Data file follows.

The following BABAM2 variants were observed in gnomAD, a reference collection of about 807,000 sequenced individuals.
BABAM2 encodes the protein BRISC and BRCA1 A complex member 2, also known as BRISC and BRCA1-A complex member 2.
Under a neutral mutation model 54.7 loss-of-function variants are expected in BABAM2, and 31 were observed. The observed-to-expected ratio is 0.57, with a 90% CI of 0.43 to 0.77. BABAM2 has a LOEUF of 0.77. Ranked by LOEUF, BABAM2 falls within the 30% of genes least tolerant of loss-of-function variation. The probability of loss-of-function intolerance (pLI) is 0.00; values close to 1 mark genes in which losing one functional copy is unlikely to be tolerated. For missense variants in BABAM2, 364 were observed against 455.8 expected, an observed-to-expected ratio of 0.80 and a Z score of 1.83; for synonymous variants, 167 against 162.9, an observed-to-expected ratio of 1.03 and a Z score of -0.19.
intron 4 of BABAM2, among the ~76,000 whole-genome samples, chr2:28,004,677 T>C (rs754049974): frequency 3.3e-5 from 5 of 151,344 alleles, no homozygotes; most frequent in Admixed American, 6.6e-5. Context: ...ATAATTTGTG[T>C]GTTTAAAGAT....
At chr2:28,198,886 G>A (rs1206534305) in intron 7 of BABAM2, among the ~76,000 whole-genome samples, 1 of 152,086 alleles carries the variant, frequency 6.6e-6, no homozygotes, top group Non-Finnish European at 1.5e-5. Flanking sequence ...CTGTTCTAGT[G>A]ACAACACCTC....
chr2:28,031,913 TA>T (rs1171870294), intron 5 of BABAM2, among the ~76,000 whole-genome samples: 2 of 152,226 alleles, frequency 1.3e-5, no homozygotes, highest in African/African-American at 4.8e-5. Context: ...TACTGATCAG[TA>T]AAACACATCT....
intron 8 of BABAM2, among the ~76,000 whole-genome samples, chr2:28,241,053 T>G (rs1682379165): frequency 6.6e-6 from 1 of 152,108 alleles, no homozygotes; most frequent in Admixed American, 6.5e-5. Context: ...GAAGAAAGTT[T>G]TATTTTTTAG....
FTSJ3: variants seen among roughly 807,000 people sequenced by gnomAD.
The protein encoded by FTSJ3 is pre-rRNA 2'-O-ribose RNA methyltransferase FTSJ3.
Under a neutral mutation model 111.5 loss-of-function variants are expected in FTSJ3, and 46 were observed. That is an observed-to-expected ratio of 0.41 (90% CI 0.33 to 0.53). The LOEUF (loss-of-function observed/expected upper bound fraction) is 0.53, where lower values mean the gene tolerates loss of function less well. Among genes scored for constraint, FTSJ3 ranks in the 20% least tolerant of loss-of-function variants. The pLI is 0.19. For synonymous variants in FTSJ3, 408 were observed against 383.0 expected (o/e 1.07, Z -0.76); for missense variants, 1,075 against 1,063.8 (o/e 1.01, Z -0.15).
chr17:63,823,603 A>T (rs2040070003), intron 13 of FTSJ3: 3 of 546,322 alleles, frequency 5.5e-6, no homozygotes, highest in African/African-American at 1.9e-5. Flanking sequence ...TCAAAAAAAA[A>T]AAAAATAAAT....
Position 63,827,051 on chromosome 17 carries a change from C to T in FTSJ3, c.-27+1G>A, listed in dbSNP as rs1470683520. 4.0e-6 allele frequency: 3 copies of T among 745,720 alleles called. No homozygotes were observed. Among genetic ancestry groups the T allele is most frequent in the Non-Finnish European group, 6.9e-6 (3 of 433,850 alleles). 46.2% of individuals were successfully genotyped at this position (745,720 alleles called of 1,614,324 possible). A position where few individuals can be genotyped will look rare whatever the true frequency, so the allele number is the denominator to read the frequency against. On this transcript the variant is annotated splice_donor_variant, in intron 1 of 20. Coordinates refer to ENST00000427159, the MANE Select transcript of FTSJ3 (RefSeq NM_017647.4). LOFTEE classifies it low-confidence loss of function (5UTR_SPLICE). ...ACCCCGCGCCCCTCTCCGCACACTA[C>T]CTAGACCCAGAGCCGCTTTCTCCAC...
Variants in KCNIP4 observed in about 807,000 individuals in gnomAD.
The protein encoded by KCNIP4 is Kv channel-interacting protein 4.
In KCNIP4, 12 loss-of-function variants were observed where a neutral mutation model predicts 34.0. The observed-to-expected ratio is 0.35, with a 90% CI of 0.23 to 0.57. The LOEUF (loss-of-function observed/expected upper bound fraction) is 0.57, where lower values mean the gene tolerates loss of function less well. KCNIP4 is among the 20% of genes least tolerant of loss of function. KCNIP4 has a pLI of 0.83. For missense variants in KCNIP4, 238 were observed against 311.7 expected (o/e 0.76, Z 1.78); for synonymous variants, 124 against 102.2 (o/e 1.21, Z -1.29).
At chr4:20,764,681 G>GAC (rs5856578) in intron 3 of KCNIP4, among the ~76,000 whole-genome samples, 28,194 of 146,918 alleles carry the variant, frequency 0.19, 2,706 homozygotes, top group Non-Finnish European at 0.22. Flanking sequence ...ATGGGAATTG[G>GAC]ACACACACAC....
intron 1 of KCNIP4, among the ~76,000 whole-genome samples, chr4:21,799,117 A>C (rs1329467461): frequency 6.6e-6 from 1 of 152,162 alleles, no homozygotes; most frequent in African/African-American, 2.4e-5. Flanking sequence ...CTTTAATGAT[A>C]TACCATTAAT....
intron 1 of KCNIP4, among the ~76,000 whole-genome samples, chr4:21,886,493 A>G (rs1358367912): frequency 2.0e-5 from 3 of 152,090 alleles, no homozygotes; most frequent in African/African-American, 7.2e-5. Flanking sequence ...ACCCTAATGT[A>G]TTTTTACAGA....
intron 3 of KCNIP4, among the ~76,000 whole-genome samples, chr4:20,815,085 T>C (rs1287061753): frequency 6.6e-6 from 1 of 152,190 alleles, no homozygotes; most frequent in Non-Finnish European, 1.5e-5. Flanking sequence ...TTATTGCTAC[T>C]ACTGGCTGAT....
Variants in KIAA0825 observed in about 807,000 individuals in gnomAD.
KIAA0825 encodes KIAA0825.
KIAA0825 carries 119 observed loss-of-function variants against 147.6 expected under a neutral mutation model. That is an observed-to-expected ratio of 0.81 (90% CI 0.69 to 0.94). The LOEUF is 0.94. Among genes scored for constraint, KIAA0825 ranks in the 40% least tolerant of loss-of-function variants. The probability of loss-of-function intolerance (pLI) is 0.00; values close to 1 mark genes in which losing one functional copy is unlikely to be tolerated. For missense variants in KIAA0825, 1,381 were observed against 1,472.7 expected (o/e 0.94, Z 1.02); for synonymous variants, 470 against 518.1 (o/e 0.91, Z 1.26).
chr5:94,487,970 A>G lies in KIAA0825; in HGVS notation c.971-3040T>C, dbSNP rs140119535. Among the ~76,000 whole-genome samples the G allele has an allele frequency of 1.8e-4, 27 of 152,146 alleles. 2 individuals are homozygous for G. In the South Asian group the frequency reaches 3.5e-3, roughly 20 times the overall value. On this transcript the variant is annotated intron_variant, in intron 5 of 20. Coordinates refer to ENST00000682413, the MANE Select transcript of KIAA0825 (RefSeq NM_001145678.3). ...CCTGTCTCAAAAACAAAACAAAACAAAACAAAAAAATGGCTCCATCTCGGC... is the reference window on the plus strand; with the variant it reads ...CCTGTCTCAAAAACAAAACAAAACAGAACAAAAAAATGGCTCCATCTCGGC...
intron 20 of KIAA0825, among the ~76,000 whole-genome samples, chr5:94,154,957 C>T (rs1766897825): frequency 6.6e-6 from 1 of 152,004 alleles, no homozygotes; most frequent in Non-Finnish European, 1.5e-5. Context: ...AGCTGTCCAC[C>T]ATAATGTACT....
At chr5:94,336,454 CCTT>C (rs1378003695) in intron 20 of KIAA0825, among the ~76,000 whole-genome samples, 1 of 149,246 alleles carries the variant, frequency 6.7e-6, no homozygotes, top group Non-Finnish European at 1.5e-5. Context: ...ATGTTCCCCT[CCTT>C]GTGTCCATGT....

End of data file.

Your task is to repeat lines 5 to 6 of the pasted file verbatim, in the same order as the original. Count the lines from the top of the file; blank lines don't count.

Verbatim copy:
At chr2:28,198,886 G>A (rs1206534305) in intron 7 of BABAM2, among the ~76,000 whole-genome samples, 1 of 152,086 alleles carries the variant, frequency 6.6e-6, no homozygotes, top group Non-Finnish European at 1.5e-5. Flanking sequence ...CTGTTCTAGT[G>A]ACAACACCTC....
chr2:28,031,913 TA>T (rs1171870294), intron 5 of BABAM2, among the ~76,000 whole-genome samples: 2 of 152,226 alleles, frequency 1.3e-5, no homozygotes, highest in African/African-American at 4.8e-5. Context: ...TACTGATCAG[TA>T]AAACACATCT....